Thursday, May 07, 2009
Riding the subway or bus or train every day, life tends to fade into the background, just so much static and noise at the edge of awareness. Focusing on a book or a newspaper, knocking out a few more notes or closing the eyes and listening to whatever's on the iPod helps maintain the fiction that there is actually a cushion of space, insulation against the press of working humanity. That's all you need, a little bit of space. One face blends into another and another until you are immersed in a sea of blank faces all trying to preserve a little bit of personal space, a cushion of protection that separates you from the press. You've learned to ride the bumping and swaying like a surfer on a wave, a boxer rolling with the punches, a stunt man absorbing the energy of a fall and turning it into a roll that brings you to your feet to be ready for the next sway, the next bump, the next shock of contact.
In Jean Auel's first prehistoric novel, Ayla, a very curious little girl, ugly and gangly, all legs and arms and eyes, is adopted into the tribe by the Mogur, the shaman, and his sister, the wise woman and healer. It is hard for her to avert her eyes, keep from invading the huddled figures around the other campfires. It's all so new to her, these people who shelter in caves. She has yet to learn that to stare at the other family groups is disrespectful and rude. She's curious. She wants to know what the strange short, dark, gnarled people are like. She is a child, an intelligent and curious child. She wants to know, but she is reproved and cautioned against invading the others' privacy repeatedly until she finally learns to tune them out, until their lives lived in such close proximity is little more than a blur of images and sounds that no longer penetrate her awareness. It is the only way to live in such close quarters and maintain a little privacy, a little distance, a little personal space.
When does personal space become isolation?
Craig's List has a section for missed connections. A face in the crowd that coalesces from the static and touches something inside still not numb from the constant barrage of noise and bodies. Out of the greyness, the cacophony of humanity, comes a glimmer of color, a whiff of something that triggers a memory or a feeling, a glimpse of possibility. At that moment, the isolation is broken and you are infected. The disease is relentless. You must get closer. You want to reach out, to touch, to connect, to assure yourself that they are real. You miss the connection, but the infection has taken hold and fever sets in. You can't rest until you connect again. And so you send out a carrier pigeon, a paper bullet in hopes that they noticed you, too.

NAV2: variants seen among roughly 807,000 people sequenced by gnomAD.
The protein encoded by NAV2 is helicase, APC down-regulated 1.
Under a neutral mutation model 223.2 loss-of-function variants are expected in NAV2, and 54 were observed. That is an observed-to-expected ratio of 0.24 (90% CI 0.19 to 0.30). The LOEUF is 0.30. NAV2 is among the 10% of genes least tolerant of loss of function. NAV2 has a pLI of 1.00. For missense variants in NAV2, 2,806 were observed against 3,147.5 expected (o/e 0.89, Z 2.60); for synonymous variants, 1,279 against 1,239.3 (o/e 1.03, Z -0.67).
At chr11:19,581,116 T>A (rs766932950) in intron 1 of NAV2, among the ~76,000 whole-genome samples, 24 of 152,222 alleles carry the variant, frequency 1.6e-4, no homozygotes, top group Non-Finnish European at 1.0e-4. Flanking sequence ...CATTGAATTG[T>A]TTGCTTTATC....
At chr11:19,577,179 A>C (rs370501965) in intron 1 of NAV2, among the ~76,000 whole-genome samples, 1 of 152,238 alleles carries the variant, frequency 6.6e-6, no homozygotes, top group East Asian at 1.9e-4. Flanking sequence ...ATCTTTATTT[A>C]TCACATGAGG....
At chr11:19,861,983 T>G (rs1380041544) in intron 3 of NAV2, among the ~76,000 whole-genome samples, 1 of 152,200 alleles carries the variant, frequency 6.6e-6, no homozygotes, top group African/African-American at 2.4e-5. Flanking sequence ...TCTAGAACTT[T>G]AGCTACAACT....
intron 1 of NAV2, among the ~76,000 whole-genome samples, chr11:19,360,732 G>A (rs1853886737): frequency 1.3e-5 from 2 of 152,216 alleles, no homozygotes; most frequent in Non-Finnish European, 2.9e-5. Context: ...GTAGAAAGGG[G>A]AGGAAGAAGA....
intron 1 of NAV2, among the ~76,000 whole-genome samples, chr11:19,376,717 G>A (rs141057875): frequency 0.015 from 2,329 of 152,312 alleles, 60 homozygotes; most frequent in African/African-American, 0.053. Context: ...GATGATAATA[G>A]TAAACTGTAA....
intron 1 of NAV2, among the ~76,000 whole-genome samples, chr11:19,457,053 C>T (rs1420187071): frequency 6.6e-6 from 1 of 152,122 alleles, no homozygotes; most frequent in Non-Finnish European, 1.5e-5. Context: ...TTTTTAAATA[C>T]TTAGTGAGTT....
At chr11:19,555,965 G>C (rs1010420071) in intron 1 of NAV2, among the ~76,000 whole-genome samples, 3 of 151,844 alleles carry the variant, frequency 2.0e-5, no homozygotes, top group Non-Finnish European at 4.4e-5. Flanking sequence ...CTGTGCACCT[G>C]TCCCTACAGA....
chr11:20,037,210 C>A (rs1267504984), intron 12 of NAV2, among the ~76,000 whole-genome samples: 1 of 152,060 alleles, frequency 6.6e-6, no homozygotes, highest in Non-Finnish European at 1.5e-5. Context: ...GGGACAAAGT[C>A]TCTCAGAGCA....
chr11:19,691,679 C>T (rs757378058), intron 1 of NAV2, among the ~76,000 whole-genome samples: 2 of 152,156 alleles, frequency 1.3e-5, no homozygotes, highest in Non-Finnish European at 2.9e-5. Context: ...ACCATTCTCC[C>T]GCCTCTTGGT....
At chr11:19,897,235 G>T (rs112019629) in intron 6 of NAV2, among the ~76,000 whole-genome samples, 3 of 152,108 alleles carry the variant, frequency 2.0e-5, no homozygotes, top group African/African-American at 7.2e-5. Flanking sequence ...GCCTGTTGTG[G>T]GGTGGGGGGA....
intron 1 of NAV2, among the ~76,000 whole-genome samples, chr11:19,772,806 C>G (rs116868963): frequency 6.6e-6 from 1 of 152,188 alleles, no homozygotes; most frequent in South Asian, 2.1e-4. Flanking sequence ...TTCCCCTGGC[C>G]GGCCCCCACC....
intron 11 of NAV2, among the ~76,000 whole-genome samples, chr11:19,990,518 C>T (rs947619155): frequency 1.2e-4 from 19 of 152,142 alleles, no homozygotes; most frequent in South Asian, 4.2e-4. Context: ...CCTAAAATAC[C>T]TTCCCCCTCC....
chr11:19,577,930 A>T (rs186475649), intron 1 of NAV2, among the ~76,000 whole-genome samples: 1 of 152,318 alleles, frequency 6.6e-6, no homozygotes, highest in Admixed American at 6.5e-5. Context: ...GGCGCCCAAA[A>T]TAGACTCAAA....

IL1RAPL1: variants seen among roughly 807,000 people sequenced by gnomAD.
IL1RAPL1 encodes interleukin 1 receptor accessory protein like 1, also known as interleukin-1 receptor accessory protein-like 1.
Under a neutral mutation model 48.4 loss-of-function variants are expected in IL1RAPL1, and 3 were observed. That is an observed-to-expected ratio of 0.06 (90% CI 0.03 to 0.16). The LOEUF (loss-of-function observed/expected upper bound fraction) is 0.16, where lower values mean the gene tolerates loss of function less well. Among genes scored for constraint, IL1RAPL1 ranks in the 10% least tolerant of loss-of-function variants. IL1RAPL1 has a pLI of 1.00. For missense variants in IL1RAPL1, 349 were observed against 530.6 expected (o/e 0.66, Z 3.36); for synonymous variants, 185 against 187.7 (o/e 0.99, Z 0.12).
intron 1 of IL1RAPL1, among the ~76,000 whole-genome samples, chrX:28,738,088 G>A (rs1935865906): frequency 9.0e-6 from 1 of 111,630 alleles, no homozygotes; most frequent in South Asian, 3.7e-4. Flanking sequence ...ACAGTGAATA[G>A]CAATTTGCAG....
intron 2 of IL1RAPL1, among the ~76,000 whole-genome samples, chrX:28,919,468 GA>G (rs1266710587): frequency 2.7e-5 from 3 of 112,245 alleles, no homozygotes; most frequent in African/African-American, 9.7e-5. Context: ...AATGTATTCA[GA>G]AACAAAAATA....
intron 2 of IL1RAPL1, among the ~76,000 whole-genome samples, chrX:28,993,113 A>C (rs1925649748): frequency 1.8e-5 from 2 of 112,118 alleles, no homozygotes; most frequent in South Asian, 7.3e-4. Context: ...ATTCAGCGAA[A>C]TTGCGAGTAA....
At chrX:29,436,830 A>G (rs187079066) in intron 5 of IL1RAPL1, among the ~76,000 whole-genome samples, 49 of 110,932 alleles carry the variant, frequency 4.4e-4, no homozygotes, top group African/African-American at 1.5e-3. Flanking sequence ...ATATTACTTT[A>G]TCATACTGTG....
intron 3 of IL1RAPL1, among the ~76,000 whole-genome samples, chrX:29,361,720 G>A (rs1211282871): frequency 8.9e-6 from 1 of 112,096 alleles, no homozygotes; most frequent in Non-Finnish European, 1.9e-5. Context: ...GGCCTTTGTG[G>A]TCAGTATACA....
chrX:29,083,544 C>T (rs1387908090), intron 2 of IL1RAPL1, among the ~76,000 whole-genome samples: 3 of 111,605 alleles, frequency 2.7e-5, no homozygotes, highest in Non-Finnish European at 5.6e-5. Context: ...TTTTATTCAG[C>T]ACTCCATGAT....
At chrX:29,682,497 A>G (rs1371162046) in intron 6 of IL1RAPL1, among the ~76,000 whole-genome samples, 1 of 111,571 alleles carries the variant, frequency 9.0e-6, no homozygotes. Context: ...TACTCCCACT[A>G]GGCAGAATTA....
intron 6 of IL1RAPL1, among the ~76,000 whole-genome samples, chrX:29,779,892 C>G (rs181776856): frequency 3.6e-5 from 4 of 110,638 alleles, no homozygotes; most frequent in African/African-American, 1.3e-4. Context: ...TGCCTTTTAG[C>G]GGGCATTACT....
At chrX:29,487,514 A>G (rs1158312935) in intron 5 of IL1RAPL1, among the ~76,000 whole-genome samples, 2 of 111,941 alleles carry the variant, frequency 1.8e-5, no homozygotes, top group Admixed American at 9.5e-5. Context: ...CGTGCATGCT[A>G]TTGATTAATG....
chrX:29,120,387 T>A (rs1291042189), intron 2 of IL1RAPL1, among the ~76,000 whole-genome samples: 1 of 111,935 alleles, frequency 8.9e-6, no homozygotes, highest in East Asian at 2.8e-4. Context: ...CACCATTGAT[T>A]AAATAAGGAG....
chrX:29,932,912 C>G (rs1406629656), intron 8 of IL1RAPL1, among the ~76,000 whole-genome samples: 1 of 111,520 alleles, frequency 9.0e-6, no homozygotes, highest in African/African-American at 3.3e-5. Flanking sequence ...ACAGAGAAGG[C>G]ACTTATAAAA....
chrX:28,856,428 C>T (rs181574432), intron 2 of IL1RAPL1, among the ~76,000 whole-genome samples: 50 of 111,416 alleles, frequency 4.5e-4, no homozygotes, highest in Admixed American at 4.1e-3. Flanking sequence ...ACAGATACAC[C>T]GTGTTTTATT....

Red Line, 4:30 p.m., that smile.
You reach out and wait for an answer, some sign this isn't a one-way connection. You're alive again. You feel. You want. You need. You can't stop smiling. You're not alone.
How often in the busy day do the minutes and hours blur into an unrecognizable collage of what should be done and what must be done? Chores, bills, work, responsibilities, expectations, and mindless hours in front of the television or computer. Those moments when something out of the ordinary wakes us up are rare. They get rarer with time and age. A fleeting connection is a gift, a remembrance of excitement that infects with joy and magic. How sad to waste them, fall back into the anonymity in the surging sea of humanity, to disappear into the static, to become one with the predictable grey blur. Isolated. Silent. Lost. Disconnected.
Wednesday, May 06, 2009
Yesterday's post stirred up some interesting responses. Some people are focusing on the marriage aspect and others on the death aspect. Beanie's focused on the death part and she says Mom is right.
"That we wouldn't know you died until later."
"So what makes you think you're going to be around when I die?"
And the conversation went on from there. Beanie realized that even though she lives in the same state with the rest of the family they don't see each other all the time and don't communicate regularly. She can't be certain she'd know right away that any of the family had died. I did promise her that I'd make sure to die when she was around so she'd know and could phone everyone to let them know I was dead. She's afraid she won't be on time because she missed Dad's last moments by a few moments.